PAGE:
God is our Father; he is the being in whose image man is created. He has a body of flesh and bones as tangible as man’s (D&C 130:22), and he is the literal and personal father of the spirits of all men. He is omnipotent and omniscient; he has all power and all wisdom; and his perfections consist in the possession of all knowledge, all faith or power, all justice, all judgment, all mercy, all truth, and the fullness of all godly attributes. … If we are to have that perfect faith by which we can lay hold upon eternal life, we must believe in God as the possessor of the fullness of all these characteristics and attributes. I say also that he is an infinite and eternal being, and as an unchangeable being, he possesses these perfected powers and attributes from everlasting to everlasting, which means from eternity to eternity (Teachings of Presidents of the Church: Joseph Fielding Smith (2013), 35–47)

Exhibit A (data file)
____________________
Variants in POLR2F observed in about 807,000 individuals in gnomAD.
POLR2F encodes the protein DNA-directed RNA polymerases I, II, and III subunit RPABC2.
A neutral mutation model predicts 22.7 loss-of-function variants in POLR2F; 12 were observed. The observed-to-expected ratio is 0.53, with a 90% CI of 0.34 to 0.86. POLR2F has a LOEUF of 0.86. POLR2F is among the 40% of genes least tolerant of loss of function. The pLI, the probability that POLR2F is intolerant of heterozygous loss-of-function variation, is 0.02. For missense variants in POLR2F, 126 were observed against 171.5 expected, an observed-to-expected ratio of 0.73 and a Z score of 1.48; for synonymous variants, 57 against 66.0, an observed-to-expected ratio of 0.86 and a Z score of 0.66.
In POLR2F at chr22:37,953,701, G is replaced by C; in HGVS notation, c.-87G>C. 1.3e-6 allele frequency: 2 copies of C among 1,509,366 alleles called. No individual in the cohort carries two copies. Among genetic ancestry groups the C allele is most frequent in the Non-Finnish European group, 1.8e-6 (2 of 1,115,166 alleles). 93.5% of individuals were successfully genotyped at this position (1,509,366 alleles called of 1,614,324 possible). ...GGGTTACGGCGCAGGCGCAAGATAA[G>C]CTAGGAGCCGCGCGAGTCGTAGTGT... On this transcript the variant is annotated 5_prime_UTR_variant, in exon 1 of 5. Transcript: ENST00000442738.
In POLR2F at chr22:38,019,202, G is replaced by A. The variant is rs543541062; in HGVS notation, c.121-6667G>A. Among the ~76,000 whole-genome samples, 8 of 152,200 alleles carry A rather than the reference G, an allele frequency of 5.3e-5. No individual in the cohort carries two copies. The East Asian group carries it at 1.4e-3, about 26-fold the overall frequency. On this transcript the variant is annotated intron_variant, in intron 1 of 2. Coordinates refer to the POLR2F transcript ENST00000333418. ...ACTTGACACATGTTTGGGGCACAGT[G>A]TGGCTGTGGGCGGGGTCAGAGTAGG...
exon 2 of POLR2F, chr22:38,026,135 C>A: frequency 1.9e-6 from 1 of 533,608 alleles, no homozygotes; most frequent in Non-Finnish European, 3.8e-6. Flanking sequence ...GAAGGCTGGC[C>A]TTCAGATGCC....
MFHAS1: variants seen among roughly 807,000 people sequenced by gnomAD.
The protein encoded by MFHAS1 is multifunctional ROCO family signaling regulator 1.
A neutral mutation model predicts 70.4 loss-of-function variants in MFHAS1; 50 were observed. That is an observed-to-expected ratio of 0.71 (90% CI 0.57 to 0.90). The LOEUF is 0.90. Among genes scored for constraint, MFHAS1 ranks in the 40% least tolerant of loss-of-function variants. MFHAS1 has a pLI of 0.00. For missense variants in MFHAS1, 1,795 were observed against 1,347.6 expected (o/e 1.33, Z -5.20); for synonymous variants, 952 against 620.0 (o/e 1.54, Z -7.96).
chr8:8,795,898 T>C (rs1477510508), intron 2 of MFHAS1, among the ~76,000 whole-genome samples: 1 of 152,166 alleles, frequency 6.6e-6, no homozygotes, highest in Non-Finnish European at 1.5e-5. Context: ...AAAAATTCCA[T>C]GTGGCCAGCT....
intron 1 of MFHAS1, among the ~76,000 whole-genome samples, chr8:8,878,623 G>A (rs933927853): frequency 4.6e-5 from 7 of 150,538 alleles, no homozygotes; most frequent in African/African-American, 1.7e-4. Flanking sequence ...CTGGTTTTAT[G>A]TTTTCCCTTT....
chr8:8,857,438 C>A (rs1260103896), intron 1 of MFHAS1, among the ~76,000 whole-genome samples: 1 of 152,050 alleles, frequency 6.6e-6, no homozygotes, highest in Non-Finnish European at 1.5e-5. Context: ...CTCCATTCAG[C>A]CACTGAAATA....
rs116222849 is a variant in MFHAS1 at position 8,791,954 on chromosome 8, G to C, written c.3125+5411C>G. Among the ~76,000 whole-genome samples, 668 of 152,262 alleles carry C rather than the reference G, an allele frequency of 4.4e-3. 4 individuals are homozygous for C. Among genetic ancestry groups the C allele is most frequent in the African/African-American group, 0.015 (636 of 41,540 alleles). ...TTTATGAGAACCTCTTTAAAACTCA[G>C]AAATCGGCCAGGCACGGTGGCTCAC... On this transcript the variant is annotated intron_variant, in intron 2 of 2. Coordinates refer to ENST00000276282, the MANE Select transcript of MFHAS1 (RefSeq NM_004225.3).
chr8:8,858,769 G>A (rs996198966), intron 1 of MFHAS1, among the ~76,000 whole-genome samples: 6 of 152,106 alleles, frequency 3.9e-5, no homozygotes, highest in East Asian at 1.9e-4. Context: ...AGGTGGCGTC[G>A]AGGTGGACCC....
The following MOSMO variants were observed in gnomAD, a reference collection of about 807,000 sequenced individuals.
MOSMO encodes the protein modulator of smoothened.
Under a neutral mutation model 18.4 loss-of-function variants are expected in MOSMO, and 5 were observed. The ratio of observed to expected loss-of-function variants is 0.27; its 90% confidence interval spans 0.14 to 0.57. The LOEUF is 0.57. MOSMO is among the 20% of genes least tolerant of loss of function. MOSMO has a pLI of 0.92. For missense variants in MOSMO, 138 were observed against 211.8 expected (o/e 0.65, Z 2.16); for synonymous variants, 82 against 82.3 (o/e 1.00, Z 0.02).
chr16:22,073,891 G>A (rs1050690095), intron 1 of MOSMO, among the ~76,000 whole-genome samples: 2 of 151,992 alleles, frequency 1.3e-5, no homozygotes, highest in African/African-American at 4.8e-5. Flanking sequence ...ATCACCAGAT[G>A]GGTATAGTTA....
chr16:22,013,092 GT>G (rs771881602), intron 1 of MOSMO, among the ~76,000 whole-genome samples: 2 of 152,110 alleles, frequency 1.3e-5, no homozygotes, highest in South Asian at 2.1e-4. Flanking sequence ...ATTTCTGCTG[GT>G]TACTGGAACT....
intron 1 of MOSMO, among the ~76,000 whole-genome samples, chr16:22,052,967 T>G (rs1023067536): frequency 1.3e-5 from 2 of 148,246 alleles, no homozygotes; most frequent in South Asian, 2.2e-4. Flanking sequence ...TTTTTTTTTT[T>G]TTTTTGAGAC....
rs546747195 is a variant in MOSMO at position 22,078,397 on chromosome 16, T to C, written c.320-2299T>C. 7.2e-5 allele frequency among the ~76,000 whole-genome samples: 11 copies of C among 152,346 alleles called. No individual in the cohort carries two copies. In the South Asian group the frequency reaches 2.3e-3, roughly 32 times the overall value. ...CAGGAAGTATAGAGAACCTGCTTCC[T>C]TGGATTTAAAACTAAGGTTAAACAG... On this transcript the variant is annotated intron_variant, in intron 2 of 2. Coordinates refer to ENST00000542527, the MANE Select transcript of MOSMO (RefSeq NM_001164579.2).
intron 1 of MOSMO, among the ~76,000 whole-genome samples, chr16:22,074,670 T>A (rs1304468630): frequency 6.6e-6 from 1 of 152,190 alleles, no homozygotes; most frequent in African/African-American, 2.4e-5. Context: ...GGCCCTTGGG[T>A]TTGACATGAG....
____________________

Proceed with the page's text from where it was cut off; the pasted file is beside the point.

Through these teachings, we see God as a loving Father who cares for our needs and blesses us accordingly.  This is quite important for us to understand.

Importance of Knowing God

We are only able to know who God is through His Son, Jesus Christ. In John 17, Christ offers up a priestly prayer. In this prayer, Christ proclaims that our eternal life is based on knowing whom God is and Knowing Jesus Christ (see, John 17:3). In Moses 1:39, we understand that God’s purpose is to “bring to pass the immortality and eternal life” of humanity.

This requires our obedience to the commandments God has established. Through our obedience, we come into perfect harmony with Jesus Christ, who is in perfect harmony with the Father. In our reverential awe toward the supreme sovereignty of God, we see Him as merciful, kind, compassionate, and forgiving. We walk with him as our ancient fathers have walked with God. This comes out of our love toward God, and His love toward us.

What do we know about God?

  1. He is supreme, sovereign, full of wisdom, power, and glory
  2. He is a distinct being who is glorified and exalted, omniscient and omnipotent
  3. He is our Eternal Father who desires us to believe on Jesus Christ for salvation and eternal life
  4. He provides comfort and direction through the gift and power of the Holy Spirit.

Let us come and reason, follow after Christ, and be perfected In Him as to come to know our Eternal Father.